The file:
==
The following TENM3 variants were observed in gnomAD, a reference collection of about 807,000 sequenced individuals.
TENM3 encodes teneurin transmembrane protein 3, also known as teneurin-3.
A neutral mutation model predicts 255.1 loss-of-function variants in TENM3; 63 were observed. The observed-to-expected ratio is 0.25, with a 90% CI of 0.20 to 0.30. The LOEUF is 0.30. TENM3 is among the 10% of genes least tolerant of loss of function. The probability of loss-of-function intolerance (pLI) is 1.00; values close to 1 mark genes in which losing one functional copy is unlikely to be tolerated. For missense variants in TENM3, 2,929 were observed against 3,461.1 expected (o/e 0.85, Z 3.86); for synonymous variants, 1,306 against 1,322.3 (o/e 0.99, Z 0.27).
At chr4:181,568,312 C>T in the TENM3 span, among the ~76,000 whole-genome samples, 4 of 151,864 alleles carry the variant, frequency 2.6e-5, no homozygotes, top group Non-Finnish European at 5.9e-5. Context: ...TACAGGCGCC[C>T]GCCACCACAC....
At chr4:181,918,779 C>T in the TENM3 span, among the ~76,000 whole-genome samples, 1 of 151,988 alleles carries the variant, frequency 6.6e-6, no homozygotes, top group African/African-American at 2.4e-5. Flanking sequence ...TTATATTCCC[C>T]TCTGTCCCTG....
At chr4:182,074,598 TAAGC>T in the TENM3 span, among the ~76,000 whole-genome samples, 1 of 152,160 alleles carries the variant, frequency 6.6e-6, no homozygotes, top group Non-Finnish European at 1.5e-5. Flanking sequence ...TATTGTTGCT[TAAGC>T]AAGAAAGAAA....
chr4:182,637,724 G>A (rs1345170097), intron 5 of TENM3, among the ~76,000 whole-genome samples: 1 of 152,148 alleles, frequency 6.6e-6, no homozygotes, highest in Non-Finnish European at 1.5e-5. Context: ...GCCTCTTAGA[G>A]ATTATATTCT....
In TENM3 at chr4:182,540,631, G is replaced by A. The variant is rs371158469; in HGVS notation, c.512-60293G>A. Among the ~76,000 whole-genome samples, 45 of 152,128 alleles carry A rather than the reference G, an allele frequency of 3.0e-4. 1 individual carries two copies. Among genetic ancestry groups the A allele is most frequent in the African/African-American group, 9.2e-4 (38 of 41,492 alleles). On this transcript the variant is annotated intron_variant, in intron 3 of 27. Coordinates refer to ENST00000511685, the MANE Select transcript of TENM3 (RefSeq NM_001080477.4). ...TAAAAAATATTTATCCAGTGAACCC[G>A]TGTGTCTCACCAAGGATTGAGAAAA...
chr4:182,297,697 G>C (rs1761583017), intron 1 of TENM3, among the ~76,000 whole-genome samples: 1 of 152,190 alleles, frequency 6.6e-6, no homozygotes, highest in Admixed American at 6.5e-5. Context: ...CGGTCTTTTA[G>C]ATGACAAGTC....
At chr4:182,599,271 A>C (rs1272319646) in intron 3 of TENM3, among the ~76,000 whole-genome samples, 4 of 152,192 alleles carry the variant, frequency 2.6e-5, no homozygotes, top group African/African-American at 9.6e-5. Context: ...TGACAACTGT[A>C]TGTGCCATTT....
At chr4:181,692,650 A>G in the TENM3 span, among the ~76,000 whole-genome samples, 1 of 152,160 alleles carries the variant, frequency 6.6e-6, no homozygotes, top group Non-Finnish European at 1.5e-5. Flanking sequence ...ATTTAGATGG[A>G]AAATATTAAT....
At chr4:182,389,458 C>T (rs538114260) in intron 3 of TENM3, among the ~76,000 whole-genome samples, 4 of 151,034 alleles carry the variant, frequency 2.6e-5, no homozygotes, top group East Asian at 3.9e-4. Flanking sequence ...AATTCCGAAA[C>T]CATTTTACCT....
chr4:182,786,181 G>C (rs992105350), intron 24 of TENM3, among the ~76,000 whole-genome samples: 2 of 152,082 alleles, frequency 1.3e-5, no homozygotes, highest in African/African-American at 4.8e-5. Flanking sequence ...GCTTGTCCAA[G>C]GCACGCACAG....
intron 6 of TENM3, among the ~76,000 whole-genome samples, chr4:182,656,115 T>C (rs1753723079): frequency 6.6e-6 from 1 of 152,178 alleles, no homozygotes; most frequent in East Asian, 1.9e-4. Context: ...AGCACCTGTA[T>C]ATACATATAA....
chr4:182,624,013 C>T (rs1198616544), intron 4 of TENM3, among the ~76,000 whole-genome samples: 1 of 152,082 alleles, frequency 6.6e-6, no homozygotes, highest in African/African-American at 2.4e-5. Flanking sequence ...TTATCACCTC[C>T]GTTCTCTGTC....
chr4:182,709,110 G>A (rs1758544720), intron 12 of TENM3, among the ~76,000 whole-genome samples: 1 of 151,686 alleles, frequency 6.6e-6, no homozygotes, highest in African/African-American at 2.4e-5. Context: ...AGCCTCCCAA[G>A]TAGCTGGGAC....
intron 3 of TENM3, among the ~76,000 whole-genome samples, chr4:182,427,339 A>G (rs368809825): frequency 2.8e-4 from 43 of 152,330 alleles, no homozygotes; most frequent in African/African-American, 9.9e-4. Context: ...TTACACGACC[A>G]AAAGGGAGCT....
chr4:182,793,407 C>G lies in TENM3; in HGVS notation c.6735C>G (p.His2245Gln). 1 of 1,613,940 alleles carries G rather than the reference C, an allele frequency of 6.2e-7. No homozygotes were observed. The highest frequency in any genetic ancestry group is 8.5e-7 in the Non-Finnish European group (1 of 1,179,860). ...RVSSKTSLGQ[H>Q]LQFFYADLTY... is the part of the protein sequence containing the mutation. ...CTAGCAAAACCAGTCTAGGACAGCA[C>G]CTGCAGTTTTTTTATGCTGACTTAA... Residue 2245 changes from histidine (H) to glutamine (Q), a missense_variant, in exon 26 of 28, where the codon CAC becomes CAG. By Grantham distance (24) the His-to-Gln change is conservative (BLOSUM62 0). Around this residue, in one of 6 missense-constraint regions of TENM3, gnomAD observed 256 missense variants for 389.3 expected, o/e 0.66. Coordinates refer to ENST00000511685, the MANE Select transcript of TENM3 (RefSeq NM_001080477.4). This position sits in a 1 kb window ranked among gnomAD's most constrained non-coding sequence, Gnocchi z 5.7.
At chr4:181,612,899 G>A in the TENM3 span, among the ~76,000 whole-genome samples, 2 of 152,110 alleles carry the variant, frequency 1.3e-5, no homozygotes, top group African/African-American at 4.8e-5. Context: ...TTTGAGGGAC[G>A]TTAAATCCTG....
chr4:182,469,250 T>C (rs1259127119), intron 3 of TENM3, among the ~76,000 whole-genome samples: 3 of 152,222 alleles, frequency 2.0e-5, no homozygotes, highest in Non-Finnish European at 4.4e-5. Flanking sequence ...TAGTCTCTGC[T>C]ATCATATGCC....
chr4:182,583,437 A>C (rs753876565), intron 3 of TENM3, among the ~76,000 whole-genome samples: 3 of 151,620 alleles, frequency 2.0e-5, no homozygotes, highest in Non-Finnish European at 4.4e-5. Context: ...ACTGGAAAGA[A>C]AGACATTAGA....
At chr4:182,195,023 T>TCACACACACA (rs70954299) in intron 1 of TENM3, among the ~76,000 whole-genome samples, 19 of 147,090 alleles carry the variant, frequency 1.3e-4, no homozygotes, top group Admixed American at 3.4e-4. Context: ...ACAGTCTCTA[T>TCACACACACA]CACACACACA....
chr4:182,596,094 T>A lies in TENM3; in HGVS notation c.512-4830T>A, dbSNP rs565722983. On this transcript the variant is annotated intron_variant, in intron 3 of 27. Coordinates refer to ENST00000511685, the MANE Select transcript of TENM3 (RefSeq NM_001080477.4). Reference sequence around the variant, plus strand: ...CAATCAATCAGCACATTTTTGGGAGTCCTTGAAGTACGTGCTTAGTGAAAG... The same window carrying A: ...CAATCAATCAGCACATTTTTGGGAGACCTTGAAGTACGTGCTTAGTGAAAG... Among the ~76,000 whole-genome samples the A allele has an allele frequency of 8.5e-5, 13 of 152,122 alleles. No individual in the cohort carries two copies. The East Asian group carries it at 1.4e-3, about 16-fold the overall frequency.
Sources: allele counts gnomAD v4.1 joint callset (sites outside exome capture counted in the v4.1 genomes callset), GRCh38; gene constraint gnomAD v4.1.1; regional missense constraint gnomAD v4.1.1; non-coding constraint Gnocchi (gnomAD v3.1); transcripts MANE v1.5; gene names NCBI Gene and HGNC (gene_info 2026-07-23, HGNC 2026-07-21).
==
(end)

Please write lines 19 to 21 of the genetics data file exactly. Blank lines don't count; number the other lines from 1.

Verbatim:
At chr4:181,612,899 G>A in the TENM3 span, among the ~76,000 whole-genome samples, 2 of 152,110 alleles carry the variant, frequency 1.3e-5, no homozygotes, top group African/African-American at 4.8e-5. Context: ...TTTGAGGGAC[G>A]TTAAATCCTG....
chr4:182,469,250 T>C (rs1259127119), intron 3 of TENM3, among the ~76,000 whole-genome samples: 3 of 152,222 alleles, frequency 2.0e-5, no homozygotes, highest in Non-Finnish European at 4.4e-5. Flanking sequence ...TAGTCTCTGC[T>C]ATCATATGCC....
chr4:182,583,437 A>C (rs753876565), intron 3 of TENM3, among the ~76,000 whole-genome samples: 3 of 151,620 alleles, frequency 2.0e-5, no homozygotes, highest in Non-Finnish European at 4.4e-5. Context: ...ACTGGAAAGA[A>C]AGACATTAGA....